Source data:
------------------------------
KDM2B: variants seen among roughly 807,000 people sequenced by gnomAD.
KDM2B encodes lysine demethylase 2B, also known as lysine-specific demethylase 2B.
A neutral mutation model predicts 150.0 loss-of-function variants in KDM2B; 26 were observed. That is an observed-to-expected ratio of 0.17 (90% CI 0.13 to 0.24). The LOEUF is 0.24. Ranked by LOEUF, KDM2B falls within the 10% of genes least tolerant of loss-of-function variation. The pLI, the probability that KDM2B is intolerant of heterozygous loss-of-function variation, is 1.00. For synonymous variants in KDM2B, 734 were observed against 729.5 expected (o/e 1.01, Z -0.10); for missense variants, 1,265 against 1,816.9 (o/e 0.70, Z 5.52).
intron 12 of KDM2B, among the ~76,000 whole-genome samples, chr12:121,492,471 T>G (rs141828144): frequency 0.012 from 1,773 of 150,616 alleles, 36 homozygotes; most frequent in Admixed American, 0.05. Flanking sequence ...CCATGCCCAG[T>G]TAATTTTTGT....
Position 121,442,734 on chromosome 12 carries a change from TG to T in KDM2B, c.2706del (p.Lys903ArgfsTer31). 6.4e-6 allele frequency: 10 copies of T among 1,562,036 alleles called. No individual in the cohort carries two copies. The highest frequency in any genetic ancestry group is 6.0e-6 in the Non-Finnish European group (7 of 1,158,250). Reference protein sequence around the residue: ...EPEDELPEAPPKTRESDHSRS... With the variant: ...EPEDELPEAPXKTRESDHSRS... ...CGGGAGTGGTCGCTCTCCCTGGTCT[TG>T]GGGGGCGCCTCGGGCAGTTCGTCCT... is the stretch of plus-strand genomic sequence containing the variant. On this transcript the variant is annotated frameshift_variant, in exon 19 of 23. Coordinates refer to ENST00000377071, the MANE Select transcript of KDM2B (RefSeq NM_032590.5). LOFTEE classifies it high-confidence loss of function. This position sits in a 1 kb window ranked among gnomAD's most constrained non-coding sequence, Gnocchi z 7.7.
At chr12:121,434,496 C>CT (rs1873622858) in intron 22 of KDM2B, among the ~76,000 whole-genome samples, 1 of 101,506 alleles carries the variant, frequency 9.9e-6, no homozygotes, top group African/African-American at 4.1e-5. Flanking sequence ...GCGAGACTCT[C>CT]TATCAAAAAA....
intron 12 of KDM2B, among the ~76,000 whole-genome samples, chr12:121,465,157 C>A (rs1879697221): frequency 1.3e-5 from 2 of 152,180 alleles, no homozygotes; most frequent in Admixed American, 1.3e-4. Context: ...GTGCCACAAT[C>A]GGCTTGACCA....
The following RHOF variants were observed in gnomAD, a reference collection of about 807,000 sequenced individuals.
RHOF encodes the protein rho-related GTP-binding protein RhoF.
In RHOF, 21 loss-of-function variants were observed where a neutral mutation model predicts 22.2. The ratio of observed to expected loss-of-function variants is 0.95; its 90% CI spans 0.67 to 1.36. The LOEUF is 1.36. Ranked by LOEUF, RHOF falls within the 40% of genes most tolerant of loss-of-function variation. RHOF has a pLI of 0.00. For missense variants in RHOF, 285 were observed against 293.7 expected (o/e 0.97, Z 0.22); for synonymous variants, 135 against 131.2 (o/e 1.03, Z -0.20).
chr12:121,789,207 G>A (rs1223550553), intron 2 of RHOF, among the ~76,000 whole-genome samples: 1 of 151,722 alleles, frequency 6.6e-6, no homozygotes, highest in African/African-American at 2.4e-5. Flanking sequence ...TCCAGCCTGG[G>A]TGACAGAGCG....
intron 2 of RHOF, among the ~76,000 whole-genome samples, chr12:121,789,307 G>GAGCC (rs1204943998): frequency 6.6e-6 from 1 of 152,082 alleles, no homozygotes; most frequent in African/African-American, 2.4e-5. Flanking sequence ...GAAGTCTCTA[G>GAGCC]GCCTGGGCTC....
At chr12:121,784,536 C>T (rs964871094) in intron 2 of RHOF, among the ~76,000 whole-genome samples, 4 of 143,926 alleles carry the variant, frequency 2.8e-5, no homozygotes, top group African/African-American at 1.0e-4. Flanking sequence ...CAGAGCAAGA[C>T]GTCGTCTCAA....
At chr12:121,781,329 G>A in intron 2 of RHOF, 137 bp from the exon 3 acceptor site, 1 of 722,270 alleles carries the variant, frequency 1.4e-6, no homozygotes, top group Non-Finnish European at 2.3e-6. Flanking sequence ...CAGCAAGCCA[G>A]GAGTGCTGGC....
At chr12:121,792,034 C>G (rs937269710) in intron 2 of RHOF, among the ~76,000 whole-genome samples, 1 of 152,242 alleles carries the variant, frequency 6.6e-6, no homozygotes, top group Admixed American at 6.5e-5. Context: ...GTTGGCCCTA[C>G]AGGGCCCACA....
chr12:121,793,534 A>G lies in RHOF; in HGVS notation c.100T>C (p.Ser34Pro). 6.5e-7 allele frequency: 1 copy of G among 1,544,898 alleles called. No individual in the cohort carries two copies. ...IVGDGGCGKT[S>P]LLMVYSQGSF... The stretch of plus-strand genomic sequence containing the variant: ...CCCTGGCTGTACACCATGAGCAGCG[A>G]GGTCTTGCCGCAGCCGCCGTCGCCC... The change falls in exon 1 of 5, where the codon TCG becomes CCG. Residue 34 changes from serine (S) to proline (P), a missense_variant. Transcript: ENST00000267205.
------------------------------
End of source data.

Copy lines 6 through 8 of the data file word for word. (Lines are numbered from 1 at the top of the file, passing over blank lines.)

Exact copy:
At chr12:121,434,496 C>CT (rs1873622858) in intron 22 of KDM2B, among the ~76,000 whole-genome samples, 1 of 101,506 alleles carries the variant, frequency 9.9e-6, no homozygotes, top group African/African-American at 4.1e-5. Flanking sequence ...GCGAGACTCT[C>CT]TATCAAAAAA....
intron 12 of KDM2B, among the ~76,000 whole-genome samples, chr12:121,465,157 C>A (rs1879697221): frequency 1.3e-5 from 2 of 152,180 alleles, no homozygotes; most frequent in Admixed American, 1.3e-4. Context: ...GTGCCACAAT[C>A]GGCTTGACCA....
The following RHOF variants were observed in gnomAD, a reference collection of about 807,000 sequenced individuals.